Ten little caterpillars are out and about in our big, wide world--come join them! You never know what you might find. . . . A butterfly, perhaps?
Readers of all ages have celebrated the work of Bill Martin Jr and Lois Ehlert ever since their first collaboration on Chicka Chicka Boom Boom more than twenty-five years ago. Now these two picture-book geniuses are together again in this dynamic and visually stunning counting-and-natural history picture book that's just perfect for reading aloud--and comes complete with a glossary filled with intriguing information about all of the caterpillar stars!
Bill Martin, Jr. (1916–2004) has been called “America’s favorite children’s author.” He wrote more than 300 books for children, including the classic texts Brown Bear, Brown Bear, What Do You See?, illustrated by Eric Carle; and Chicka Chicka Boom Boom, illustrated by Lois Ehlert.
Lois Ehlert has created numerous inventive, celebrated, and bestselling picture books, including Chicka Chicka Boom Boom, Holey Moley, The Scraps Book, Mice, Ten Little Caterpillars, RRRalph, Lots of Spots, Boo to You!, Leaf Man, Waiting for Wings, Planting a Rainbow, Growing Vegetable Soup, and Color Zoo, which received a Caldecott Honor. She lives in Milwaukee, Wisconsin.
* "Martin's caterpillar counting rhyme has been given new life with gorgeous and bold watercolor collages from his Chicka Chicka Boom Boom collaborator, Ehlert. Readers can't be blamed for seeing this as a companion to Eric Carle's classic caterpillar tale...a graphically sumptuous book." --Publishers Weekly, starred review
"From the accomplished creators of the classic Chicka Chicka Boom Boom (1989) comes this captivating, rhyming offering for the lap-sit crowd. Here, Ehlert lends her signature watercolor-collage artwork to the late Martin’s text, which was originally published in 1967. On each spread, a different caterpillar moves through a brilliantly hued garden scene filled with flora and fauna, which are identified in small print. Many images, such as monarchs and roses, will be familiar to kids, while others, such as cabbage looper moths and gaillardias, will likely expand their knowledge...a final spread, featuring a countdown of each caterpillar and the butterfly it becomes, along with a few facts, creates a pleasing end to this beautiful title, which will be a natural hit with young children."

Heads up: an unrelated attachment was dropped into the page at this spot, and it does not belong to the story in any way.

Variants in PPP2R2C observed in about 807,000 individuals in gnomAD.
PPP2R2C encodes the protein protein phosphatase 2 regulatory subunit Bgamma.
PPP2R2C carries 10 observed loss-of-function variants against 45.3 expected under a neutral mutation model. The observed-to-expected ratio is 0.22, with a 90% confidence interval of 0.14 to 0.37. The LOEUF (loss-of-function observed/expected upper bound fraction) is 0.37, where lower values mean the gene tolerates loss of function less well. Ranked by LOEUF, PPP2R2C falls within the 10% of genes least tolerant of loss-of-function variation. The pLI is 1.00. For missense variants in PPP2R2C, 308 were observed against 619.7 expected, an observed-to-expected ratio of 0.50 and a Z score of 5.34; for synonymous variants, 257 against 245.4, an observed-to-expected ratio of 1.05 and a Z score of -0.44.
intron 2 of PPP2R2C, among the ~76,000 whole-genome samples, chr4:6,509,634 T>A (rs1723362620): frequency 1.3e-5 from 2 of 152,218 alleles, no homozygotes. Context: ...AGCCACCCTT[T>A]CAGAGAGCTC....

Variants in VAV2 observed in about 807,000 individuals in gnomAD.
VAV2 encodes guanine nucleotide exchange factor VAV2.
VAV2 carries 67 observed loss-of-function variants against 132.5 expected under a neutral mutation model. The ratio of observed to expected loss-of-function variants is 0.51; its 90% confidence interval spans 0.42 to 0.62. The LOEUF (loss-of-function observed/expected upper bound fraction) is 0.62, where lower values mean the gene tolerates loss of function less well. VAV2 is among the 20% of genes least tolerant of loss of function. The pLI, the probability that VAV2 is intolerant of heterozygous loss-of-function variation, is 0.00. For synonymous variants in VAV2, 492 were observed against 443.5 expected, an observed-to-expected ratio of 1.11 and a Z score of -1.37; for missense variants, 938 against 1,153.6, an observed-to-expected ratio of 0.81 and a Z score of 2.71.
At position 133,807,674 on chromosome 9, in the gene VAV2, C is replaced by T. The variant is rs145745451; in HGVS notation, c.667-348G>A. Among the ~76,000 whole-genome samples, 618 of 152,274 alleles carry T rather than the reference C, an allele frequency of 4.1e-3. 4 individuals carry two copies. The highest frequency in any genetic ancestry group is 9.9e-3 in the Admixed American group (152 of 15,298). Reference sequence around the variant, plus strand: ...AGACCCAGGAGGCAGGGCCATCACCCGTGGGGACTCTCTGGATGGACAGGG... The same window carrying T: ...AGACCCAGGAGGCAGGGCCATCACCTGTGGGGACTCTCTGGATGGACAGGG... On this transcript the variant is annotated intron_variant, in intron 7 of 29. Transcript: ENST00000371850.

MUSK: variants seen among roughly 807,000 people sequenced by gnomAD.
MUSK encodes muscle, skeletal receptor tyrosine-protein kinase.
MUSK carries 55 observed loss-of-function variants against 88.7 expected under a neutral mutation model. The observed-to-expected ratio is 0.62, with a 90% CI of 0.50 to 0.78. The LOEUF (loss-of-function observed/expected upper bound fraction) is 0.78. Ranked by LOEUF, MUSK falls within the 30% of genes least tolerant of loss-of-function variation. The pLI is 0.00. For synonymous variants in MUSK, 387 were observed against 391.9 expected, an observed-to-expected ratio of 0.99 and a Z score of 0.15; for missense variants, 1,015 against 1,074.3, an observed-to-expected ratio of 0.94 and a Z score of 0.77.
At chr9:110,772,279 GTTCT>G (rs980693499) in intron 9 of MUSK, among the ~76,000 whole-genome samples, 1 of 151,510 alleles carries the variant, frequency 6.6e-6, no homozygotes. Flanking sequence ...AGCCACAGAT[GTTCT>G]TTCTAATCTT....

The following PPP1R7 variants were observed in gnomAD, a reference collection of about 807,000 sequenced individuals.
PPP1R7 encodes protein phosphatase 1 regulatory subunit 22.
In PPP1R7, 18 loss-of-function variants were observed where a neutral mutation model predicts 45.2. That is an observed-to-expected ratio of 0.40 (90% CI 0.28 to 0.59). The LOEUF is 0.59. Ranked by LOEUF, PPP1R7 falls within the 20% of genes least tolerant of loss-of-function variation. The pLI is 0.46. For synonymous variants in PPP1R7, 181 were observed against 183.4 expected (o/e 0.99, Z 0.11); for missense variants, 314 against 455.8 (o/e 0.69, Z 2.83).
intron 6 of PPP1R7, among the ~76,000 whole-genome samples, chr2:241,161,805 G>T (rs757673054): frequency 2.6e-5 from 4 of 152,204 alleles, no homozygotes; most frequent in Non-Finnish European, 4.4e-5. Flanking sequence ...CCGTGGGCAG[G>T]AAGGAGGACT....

--Booklist, July 1, 2011
“Move over very hungry caterpillar—10 little caterpillars have arrived.
Martin’s posthumous release rests in illustrator Ehlert’s capable hands, resulting in a picture book that delivers on his reputation as a master of engaging, rhythmic, rhyming text as it presents some of Ehlert’s best work to date. Arresting jacket art introduces 10 little caterpillars munching on a verdant, heart-shaped leaf against a white background. Open, white backgrounds of interior spreads allow the collages’ vibrant colors to stand out in clean, visually dynamic spreads that invite readers to pore over the flora, other creatures and the caterpillars themselves who populate the pages. Each caterpillar from the jacket gets its own spread, with one climbing a cabbage head, another carried off to school in a jar and another falling into the sea. The 10th caterpillar, however, becomes a butterfly in a satisfying, if predictable, culmination of the verse. But wait—there’s more! Concluding pages identify each caterpillar in sequence, provide readers with information about what they eat and reveal the kinds of moths and butterflies that result from their metamorphoses. Equal parts counting book, nature book and ideal read-aloud fodder, this is a beauty of an offering from a familiar team.” --Kirkus Reviews, July 15, 2011, *STAR
"In this attractive counting book with a scientific flair, 10 little caterpillars creep and crawl through gardens, vegetable patches, and apple orchards.... Ehlert’s watercolor collages, presented in the style of botanical illustrations complete with identifying labels, eloquently re-create the natural habitat of each creature.... An imaginative introduction to ordinal numbers and the process of metamorphosis."
--School Library Journal, August 2011
"In her most stunning artwork of recent memory, Ehlert's bold and bright illustrations in watercolor collage grace the book's large square pages and make the reader feel like he or she might even be able to step into the scene."
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